Howard: It's spare meat. From the loose meat bin. Don't worry, there's some animals in that.
JP: Yes, but... which?
Howard: Hark at the gourmand.
- Yes, Minister has the Euro-sausage standardisation incident in the Christmas special "Party Games". British sausages contain too high a proportion of rusk, and the "meat" they contain is (accurately described, at least for cheaper suppliers) unpalatable abbatoir waste and scraps, so the EU attempts a ban; the resulting political hubbub gives Jim an opportunity to raise his profile and take advantage of an unrelated political crisis to become PM.
- The old song "Dunderbeck" about the titular Fat Old Dutchman.
Oh Dunderbeck, oh Dunderbeck, how could you be so mean?
I'm sorry you invented the terrible machine!
Now all the cats and all the rats will nevermore be seen,
For they've all been ground to sausage meat in Dunderbeck's machine.
- Superfast Jellyfish off Gorillaz' Plastic Beach album
- Eric Bogle's "The Great Aussie Takeaway".
- "(There's A) Cat In the Kettle" by Bob Rivers, a parody of "Cat in the Cradle" by Harry Chapin.
- A parody of "Silver Threads Among the Gold":
When the dog died, we had hot dogs
When the cat died, catnip tea
When the landlord died, I left there
Spare ribs were too much for me
- World of Warcraft uses Mystery Meat as the ingredient in several Cooking recipes. It comes from all manners of beasts as well, even including giant scorpions.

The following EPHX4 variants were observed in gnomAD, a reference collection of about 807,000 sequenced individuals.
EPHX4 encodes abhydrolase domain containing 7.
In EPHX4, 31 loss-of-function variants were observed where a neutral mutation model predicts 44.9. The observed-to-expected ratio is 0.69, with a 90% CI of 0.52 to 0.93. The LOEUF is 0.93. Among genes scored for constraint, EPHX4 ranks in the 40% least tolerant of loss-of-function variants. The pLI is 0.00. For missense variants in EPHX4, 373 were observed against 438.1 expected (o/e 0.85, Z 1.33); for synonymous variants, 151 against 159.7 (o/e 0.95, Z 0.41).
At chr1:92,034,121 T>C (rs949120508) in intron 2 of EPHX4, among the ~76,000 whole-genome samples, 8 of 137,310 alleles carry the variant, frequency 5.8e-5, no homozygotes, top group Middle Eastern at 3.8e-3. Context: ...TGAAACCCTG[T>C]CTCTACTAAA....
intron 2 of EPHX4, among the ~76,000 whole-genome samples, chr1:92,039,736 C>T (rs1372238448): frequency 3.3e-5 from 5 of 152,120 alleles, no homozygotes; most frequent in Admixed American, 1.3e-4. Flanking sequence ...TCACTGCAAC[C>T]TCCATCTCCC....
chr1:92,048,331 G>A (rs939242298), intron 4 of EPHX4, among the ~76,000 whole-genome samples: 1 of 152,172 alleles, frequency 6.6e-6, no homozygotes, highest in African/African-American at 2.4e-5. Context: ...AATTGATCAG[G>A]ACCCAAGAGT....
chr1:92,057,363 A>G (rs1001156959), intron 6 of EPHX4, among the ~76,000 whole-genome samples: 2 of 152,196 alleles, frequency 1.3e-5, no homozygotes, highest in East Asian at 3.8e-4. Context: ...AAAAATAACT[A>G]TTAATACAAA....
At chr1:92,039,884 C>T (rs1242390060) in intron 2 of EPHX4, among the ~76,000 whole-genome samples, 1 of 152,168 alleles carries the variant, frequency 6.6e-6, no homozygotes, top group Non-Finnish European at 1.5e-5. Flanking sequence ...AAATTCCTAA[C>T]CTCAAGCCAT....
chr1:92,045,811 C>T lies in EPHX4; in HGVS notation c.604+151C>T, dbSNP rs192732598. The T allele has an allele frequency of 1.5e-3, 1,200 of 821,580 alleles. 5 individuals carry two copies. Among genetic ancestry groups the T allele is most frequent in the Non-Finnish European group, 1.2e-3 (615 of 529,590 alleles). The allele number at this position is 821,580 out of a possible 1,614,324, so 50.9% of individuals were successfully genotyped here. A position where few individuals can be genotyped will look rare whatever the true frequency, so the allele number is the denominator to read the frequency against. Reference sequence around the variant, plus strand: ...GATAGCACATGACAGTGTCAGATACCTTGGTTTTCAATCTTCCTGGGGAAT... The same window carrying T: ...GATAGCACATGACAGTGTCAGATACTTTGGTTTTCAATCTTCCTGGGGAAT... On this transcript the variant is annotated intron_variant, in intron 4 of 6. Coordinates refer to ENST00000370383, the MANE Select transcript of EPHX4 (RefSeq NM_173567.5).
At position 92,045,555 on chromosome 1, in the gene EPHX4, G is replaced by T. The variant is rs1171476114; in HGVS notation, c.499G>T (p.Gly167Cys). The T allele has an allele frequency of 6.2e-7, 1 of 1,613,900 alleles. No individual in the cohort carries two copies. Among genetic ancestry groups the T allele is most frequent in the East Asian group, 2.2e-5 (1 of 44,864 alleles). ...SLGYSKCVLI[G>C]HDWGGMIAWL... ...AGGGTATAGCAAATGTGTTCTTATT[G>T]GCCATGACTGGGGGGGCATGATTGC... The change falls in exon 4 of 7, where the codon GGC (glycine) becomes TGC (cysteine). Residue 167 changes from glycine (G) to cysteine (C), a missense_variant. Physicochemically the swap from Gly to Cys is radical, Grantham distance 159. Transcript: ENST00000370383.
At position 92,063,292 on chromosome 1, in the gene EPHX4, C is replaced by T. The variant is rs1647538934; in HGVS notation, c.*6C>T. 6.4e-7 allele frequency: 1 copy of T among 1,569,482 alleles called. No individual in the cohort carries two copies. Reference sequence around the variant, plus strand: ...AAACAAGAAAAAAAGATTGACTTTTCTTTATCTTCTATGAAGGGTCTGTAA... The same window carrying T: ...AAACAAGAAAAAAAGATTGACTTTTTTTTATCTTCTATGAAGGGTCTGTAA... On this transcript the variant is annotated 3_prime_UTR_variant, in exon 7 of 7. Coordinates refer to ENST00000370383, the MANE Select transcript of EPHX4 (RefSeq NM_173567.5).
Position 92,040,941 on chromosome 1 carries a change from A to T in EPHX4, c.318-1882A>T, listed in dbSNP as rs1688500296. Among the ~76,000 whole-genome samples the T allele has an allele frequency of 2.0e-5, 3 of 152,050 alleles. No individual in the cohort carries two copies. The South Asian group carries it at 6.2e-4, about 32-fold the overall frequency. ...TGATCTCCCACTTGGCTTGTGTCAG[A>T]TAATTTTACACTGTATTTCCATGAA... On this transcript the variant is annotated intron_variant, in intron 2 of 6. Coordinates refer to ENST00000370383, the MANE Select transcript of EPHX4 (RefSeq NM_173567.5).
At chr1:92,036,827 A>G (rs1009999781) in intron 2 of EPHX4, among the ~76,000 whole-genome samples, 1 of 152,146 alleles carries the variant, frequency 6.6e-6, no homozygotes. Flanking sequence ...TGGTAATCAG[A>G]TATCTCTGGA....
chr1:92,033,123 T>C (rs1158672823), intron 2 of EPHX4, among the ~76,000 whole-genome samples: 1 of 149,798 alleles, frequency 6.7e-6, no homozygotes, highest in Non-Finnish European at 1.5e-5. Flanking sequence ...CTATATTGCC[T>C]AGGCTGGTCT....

- The most recent expansion has something similar, Chilled Meat, that is Northrend's version of Mystery Meat. Apparently, due to the conditions of the northern continent, it comes already refrigerated once you're done butchering.
- The Cataclysm expansion gives us the Unidentifiable Meat Dish, the description of which reads: "Somehow even more sinister than Mystery Meat." And this time, we don't know what's in it, but the fact that it can only be bought from vendors belonging to the local insane Apocalypse Cult does not bode particularly well.
- In Fallout 3 you might come across "Strange Meat". You might not want to eat that. It's human flesh.
- In Fallout: New Vegas however, Strange Meat and Human Flesh are different items. Disturbingly enough, Strange Meat (and Strange Meat Pie) is actually a fairly commonly-found food item.
- The Meat Seller in Quest for Glory III sells mystery meat as rations.
- "Weird meat" in Avernum comes from a variety of sources, of which the least disturbing is giant lizards used as livestock. At least one example (Garzahd's "pantry") is apparently humanoid in origin, maybe even human. However, all of it can be eaten without harm.
- One student in Mana Khemia claims that the roast served in the cafeteria of Al-Revis is dried Puni.
- The food served in the cafeteria at Sorcerer's University in the Spellcasting 101 series is notoriously inedible on any day when parents aren't visiting (The students learn cooking spells in their freshman year and use that to make their own food instead of eating there). The casserole served in the second game is used as a source of firefly larva (which is apparently part of the recipe), and squirrel vomit (produced when you to try to feed the casserole to the squirrel).
- In Are We There Yet? the diary entry for the Sowsbury 500 Pig Races stated that "The next day Mom made sandwiches from this canned mystery meat that I think was the mortal remains of one of the losers."
- Lampshaded in this Loserz strip.